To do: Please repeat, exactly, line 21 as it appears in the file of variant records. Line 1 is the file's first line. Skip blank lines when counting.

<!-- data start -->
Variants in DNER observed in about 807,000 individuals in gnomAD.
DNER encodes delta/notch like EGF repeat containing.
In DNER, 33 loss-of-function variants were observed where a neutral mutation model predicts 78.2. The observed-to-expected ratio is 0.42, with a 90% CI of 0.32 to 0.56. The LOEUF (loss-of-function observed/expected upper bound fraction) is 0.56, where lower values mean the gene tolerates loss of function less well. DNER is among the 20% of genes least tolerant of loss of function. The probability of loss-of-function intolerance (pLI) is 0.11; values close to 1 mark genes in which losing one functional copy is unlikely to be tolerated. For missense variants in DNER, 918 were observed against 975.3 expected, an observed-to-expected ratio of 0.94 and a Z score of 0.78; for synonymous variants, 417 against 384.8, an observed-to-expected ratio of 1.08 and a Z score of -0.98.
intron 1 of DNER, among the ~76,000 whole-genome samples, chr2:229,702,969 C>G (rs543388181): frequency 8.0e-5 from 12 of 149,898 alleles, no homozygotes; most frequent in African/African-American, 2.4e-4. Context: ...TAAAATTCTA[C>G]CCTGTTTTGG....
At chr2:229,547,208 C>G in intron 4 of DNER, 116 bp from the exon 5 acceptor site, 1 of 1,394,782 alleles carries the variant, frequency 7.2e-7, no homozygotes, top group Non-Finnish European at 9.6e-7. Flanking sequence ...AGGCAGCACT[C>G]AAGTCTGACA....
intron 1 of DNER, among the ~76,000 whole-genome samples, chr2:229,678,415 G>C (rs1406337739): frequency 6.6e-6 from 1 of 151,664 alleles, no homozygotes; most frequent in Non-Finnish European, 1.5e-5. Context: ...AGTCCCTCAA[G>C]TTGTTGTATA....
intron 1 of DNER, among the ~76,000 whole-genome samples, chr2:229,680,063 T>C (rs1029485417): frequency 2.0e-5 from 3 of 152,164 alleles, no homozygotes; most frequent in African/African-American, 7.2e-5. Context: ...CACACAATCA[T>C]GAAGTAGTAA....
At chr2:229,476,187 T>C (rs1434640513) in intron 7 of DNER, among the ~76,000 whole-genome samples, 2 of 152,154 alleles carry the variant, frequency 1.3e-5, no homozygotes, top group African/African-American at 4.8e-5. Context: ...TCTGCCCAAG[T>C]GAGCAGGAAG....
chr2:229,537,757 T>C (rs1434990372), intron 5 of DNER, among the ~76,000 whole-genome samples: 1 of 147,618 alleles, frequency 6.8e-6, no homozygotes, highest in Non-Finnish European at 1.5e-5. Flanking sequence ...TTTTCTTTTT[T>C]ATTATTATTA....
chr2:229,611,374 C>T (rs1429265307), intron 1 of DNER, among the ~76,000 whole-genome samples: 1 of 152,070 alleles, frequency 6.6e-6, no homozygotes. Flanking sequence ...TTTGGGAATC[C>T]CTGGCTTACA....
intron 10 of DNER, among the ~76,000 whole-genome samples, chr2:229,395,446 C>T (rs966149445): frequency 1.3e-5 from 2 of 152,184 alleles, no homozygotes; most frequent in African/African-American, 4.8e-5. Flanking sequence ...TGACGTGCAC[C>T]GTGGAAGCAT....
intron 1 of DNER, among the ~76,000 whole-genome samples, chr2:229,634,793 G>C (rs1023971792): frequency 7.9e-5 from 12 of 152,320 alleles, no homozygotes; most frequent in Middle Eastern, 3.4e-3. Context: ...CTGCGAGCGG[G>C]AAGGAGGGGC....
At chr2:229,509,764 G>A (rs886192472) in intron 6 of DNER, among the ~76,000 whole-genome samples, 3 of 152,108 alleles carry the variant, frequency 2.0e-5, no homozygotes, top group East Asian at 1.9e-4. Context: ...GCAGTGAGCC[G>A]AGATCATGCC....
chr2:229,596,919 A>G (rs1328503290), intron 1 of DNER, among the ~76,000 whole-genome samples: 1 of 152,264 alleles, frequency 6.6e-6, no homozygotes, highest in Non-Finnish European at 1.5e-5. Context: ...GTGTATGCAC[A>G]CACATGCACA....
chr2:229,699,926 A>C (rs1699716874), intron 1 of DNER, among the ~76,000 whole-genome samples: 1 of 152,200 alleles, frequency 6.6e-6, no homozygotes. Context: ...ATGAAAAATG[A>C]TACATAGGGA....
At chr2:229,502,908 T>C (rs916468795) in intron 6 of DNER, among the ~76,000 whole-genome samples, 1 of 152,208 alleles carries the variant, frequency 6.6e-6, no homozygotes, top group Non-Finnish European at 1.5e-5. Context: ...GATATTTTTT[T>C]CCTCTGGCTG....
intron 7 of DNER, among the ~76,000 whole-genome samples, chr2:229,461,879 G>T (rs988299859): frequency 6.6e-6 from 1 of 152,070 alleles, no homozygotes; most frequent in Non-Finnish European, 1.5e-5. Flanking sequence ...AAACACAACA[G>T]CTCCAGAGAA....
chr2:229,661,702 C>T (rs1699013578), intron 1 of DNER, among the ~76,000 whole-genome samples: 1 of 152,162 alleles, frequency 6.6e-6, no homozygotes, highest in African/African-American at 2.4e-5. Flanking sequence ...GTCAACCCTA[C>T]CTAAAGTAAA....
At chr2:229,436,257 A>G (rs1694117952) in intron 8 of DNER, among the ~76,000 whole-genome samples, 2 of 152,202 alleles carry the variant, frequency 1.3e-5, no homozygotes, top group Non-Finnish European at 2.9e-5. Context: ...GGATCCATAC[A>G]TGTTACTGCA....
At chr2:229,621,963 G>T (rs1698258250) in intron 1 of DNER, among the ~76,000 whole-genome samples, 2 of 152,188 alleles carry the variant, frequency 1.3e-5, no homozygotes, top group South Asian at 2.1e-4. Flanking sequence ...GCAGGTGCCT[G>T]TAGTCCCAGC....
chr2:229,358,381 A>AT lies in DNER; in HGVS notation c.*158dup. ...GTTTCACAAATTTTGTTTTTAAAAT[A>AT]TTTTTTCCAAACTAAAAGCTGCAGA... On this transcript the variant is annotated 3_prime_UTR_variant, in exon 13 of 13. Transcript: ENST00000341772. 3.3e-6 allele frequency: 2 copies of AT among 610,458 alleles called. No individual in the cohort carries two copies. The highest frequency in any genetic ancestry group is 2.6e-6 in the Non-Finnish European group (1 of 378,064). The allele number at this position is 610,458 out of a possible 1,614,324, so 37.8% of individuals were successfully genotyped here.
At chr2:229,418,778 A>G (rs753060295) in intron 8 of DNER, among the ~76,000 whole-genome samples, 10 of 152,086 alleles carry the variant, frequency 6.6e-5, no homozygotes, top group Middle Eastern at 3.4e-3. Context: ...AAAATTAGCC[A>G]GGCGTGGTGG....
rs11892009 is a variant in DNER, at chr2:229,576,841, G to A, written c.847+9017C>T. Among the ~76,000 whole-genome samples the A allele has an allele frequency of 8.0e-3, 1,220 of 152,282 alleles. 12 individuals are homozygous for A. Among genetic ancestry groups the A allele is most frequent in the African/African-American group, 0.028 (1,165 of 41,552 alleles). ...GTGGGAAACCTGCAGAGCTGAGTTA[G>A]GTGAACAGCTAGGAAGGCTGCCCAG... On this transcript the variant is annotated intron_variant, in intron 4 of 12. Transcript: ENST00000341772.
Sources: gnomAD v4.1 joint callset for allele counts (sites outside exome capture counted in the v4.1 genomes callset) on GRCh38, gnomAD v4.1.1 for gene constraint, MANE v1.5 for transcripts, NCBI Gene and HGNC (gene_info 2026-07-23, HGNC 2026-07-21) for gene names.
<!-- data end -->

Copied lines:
chr2:229,358,381 A>AT lies in DNER; in HGVS notation c.*158dup. ...GTTTCACAAATTTTGTTTTTAAAAT[A>AT]TTTTTTCCAAACTAAAAGCTGCAGA... On this transcript the variant is annotated 3_prime_UTR_variant, in exon 13 of 13. Transcript: ENST00000341772. 3.3e-6 allele frequency: 2 copies of AT among 610,458 alleles called. No individual in the cohort carries two copies. The highest frequency in any genetic ancestry group is 2.6e-6 in the Non-Finnish European group (1 of 378,064). The allele number at this position is 610,458 out of a possible 1,614,324, so 37.8% of individuals were successfully genotyped here.